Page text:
Donald Trump and Joe Biden are both attempting to position themselves as moderates in a tight race for the presidential nomination. In recent days, Trump has met with both Hillary Clinton and Joe Biden in an effort to appeal to undecided voters. In the past, President Obama had criticized Trump’s moderate stance on immigration and other issues, but has remained neutral in the race. This may be a risky strategy, as many voters have mixed feelings about Clinton and Obama and view a two-fronted party with one candidate as unacceptable.
Two years ago, Clinton became the first female U.S. Senator from New York since George Washington. Her opponent was Sen. Obama, a black man from Illinois with strong views against the wars in Iraq and Afghanistan. During the primary, Obama portrayed Clinton as a Wall Street insider and claimed that she would be a puppet for Wall Street if she were elected president. As the race wore on throughout the summer, Obama began to soften his attacks on Clinton, saying that she had been a “longtime friend.” A week before the crucial July primary, Clinton received the bulk of the democratic votes, making her the overwhelming favorite to win the Democratic nomination.
On the other hand, Trump is painting a dire picture of a nation at risk if he is elected president. He claims that “disaster” will occur if he is allowed to become president, promising to create “so much economic trouble and chaos that no one will ever again buy into the American dream.” Although there is no real evidence of an impending catastrophe, many Americans have become fearful of a Trump win. “There’s something scary about this guy,” said conservative talk radio host Hugh Hewitt. “He’s not a guy I want to be around.” Trump’s competitors for the Republican nomination are Texas Sen. Ted Cruz and Ohio Gov. John Kasich.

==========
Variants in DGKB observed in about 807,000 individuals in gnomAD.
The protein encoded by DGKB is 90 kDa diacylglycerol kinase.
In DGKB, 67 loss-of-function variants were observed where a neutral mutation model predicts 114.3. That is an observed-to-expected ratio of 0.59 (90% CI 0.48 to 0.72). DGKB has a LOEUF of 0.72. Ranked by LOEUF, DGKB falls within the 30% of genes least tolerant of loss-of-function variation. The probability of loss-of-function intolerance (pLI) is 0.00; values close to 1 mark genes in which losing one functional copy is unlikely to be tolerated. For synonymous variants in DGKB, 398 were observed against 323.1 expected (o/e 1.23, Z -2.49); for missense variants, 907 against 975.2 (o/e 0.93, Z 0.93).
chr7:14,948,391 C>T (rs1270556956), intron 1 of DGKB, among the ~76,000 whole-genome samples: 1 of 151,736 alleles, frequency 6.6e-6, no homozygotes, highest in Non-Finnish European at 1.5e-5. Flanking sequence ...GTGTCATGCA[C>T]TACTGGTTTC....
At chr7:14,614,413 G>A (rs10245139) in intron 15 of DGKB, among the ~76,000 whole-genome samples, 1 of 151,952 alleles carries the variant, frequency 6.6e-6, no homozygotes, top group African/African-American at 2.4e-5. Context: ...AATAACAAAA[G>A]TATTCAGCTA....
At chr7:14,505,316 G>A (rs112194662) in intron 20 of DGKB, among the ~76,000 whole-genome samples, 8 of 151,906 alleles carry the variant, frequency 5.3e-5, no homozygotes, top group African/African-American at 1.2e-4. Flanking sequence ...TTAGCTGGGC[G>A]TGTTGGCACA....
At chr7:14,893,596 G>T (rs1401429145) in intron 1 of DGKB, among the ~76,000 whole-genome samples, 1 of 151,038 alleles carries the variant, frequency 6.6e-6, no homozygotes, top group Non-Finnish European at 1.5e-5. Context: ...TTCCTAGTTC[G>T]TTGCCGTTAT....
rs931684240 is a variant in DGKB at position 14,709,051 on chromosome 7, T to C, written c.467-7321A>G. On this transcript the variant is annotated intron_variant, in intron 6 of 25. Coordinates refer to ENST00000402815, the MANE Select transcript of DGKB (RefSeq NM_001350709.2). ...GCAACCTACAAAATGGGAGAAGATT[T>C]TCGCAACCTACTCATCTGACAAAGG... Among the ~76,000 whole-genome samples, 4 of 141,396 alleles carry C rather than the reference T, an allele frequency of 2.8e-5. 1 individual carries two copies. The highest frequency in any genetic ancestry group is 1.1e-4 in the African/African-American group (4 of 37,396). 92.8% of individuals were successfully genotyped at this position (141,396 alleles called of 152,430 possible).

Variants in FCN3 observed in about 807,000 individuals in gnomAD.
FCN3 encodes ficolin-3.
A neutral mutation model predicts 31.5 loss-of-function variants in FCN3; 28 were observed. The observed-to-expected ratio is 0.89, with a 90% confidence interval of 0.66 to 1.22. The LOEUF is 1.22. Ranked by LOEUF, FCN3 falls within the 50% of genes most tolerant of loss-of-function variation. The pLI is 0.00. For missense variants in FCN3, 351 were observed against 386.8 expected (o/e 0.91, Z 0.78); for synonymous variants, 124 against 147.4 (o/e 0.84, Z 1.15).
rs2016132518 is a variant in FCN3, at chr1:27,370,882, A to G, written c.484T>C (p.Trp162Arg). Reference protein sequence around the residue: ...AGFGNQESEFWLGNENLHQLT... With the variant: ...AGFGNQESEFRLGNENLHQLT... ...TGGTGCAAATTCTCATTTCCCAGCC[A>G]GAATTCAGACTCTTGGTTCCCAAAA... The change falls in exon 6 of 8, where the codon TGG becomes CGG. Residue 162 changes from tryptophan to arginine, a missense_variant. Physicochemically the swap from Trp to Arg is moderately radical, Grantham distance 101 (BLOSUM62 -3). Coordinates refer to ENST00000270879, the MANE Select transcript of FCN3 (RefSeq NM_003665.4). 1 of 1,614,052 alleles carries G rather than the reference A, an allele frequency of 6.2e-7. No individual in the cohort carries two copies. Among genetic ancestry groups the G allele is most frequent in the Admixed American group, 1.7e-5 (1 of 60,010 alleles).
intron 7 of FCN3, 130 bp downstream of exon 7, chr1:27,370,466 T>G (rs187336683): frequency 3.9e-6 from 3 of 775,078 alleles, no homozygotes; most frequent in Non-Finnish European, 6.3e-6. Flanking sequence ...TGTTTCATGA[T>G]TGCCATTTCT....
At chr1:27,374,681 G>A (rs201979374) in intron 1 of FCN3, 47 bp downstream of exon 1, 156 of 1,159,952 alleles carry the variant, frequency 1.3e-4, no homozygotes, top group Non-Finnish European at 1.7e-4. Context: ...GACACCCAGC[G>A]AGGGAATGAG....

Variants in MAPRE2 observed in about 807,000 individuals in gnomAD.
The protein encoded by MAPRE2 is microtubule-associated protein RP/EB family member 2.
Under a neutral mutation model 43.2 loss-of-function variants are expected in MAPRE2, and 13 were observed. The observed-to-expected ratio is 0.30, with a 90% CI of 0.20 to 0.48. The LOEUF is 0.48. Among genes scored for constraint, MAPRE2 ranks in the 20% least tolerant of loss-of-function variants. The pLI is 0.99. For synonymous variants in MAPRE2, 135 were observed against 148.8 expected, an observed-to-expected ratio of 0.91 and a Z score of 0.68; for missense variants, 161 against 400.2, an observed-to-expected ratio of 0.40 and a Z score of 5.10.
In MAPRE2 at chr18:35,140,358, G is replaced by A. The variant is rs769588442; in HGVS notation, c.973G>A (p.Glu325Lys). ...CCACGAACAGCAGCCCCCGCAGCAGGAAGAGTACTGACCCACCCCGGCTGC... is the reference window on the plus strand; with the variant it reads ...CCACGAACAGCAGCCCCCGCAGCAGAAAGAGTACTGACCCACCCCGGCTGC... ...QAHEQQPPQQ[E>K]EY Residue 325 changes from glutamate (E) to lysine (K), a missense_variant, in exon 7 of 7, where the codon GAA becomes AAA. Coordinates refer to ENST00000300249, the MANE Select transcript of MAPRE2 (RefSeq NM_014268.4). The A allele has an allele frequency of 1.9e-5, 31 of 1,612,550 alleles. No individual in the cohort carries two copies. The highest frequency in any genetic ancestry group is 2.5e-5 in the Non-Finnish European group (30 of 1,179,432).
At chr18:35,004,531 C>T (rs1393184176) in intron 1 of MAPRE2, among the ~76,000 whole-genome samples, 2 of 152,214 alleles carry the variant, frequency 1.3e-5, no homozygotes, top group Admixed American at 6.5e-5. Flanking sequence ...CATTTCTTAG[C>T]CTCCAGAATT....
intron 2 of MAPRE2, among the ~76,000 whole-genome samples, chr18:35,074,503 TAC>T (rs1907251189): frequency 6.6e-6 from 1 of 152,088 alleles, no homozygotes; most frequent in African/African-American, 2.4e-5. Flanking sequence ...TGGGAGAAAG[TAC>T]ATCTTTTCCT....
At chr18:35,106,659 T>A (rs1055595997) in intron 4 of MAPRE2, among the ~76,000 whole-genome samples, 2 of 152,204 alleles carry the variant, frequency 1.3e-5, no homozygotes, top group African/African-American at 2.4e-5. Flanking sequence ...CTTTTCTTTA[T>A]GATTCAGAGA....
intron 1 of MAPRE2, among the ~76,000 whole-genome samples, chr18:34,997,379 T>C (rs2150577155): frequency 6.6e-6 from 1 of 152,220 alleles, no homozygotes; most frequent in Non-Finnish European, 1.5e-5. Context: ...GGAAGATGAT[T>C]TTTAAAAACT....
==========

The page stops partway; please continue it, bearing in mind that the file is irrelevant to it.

In order to stop Trump and prevent a major political crisis, the party establishment must find a way to unite against him. The question is how? How can the party achieve a united front against a candidate who has openly promised to tear the party apart and unite it in its place?
Many in the Republican Party believe that the solution is to choose two separate tickets. Each ticket could be run by a different candidate. These two ticket options would then represent the two most popular figures in the party. Each ticket would need to attract enough votes to win the presidential nomination. If no candidate was able to win a majority of the convention votes, the party leaders and supporters would decide upon a new nominee, regardless of who had won the first two contests.
This way, the party leaders would still have an option should Trump or Cruz fail to garner enough delegates to win the national election. Cruz would then drop out and the party leadership would select a different candidate to run in the presidential election. Should Trump win the election, no one would step forward to stand for the party in the upcoming presidential election.
In a way, this choice is similar to a marriage proposal. One man proposes to his girlfriend, while the other man is holding a “No!” sign. The proposal is not going to work out because there is no match between the personalities. Choosing to have two tickets for the national election instead of one, will ensure that there is a balance of power and stability.
Electing a president without a majority at the convention is risky. Electing a president with a large majority at the convention also poses a threat. Electing a candidate with a popular majority will give the party members and leaders a sense of stability. Electing a candidate with an unpopular minority ticket will give the minority the opportunity to dislodge the incumbent. It may be wise to consider the best of both worlds when choosing a candidate for president.
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